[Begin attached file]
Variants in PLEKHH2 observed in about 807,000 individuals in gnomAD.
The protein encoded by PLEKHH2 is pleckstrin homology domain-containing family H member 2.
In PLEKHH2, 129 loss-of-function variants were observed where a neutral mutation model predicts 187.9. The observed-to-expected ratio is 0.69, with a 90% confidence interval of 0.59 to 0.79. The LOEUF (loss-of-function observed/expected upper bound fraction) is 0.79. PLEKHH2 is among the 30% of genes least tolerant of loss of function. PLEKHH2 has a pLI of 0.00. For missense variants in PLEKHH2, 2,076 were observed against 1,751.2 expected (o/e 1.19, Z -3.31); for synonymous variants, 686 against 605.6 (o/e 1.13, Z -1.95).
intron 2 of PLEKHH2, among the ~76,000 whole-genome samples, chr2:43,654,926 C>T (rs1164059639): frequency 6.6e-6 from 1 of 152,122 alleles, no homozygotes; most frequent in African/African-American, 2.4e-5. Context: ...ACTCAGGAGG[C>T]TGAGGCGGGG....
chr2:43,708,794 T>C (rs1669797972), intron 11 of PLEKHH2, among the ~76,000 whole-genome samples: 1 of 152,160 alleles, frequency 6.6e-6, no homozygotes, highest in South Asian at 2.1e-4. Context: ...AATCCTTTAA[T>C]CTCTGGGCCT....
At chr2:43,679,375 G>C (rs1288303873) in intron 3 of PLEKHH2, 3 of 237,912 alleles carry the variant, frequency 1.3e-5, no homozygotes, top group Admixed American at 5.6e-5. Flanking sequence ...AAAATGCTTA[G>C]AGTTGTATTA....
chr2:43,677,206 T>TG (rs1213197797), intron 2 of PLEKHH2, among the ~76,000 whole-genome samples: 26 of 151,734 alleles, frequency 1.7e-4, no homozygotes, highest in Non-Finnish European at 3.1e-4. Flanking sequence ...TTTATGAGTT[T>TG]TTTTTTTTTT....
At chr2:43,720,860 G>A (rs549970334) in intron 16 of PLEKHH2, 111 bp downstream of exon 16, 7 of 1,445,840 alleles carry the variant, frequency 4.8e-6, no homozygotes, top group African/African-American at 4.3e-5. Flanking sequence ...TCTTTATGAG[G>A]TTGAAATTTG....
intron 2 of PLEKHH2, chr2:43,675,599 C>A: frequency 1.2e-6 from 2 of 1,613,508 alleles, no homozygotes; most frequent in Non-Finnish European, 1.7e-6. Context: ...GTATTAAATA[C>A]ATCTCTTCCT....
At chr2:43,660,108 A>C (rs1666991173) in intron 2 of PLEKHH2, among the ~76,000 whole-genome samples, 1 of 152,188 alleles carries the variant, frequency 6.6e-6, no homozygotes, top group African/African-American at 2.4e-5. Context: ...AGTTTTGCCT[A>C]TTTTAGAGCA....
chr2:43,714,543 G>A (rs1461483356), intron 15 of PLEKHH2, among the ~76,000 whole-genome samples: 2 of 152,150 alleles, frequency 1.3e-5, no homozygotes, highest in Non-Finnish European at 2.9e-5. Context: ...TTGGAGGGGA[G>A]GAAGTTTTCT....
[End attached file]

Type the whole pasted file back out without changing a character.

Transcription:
Variants in PLEKHH2 observed in about 807,000 individuals in gnomAD.
The protein encoded by PLEKHH2 is pleckstrin homology domain-containing family H member 2.
In PLEKHH2, 129 loss-of-function variants were observed where a neutral mutation model predicts 187.9. The observed-to-expected ratio is 0.69, with a 90% confidence interval of 0.59 to 0.79. The LOEUF (loss-of-function observed/expected upper bound fraction) is 0.79. PLEKHH2 is among the 30% of genes least tolerant of loss of function. PLEKHH2 has a pLI of 0.00. For missense variants in PLEKHH2, 2,076 were observed against 1,751.2 expected (o/e 1.19, Z -3.31); for synonymous variants, 686 against 605.6 (o/e 1.13, Z -1.95).
intron 2 of PLEKHH2, among the ~76,000 whole-genome samples, chr2:43,654,926 C>T (rs1164059639): frequency 6.6e-6 from 1 of 152,122 alleles, no homozygotes; most frequent in African/African-American, 2.4e-5. Context: ...ACTCAGGAGG[C>T]TGAGGCGGGG....
chr2:43,708,794 T>C (rs1669797972), intron 11 of PLEKHH2, among the ~76,000 whole-genome samples: 1 of 152,160 alleles, frequency 6.6e-6, no homozygotes, highest in South Asian at 2.1e-4. Context: ...AATCCTTTAA[T>C]CTCTGGGCCT....
At chr2:43,679,375 G>C (rs1288303873) in intron 3 of PLEKHH2, 3 of 237,912 alleles carry the variant, frequency 1.3e-5, no homozygotes, top group Admixed American at 5.6e-5. Flanking sequence ...AAAATGCTTA[G>C]AGTTGTATTA....
chr2:43,677,206 T>TG (rs1213197797), intron 2 of PLEKHH2, among the ~76,000 whole-genome samples: 26 of 151,734 alleles, frequency 1.7e-4, no homozygotes, highest in Non-Finnish European at 3.1e-4. Flanking sequence ...TTTATGAGTT[T>TG]TTTTTTTTTT....
At chr2:43,720,860 G>A (rs549970334) in intron 16 of PLEKHH2, 111 bp downstream of exon 16, 7 of 1,445,840 alleles carry the variant, frequency 4.8e-6, no homozygotes, top group African/African-American at 4.3e-5. Flanking sequence ...TCTTTATGAG[G>A]TTGAAATTTG....
intron 2 of PLEKHH2, chr2:43,675,599 C>A: frequency 1.2e-6 from 2 of 1,613,508 alleles, no homozygotes; most frequent in Non-Finnish European, 1.7e-6. Context: ...GTATTAAATA[C>A]ATCTCTTCCT....
At chr2:43,660,108 A>C (rs1666991173) in intron 2 of PLEKHH2, among the ~76,000 whole-genome samples, 1 of 152,188 alleles carries the variant, frequency 6.6e-6, no homozygotes, top group African/African-American at 2.4e-5. Context: ...AGTTTTGCCT[A>C]TTTTAGAGCA....
chr2:43,714,543 G>A (rs1461483356), intron 15 of PLEKHH2, among the ~76,000 whole-genome samples: 2 of 152,150 alleles, frequency 1.3e-5, no homozygotes, highest in Non-Finnish European at 2.9e-5. Context: ...TTGGAGGGGA[G>A]GAAGTTTTCT....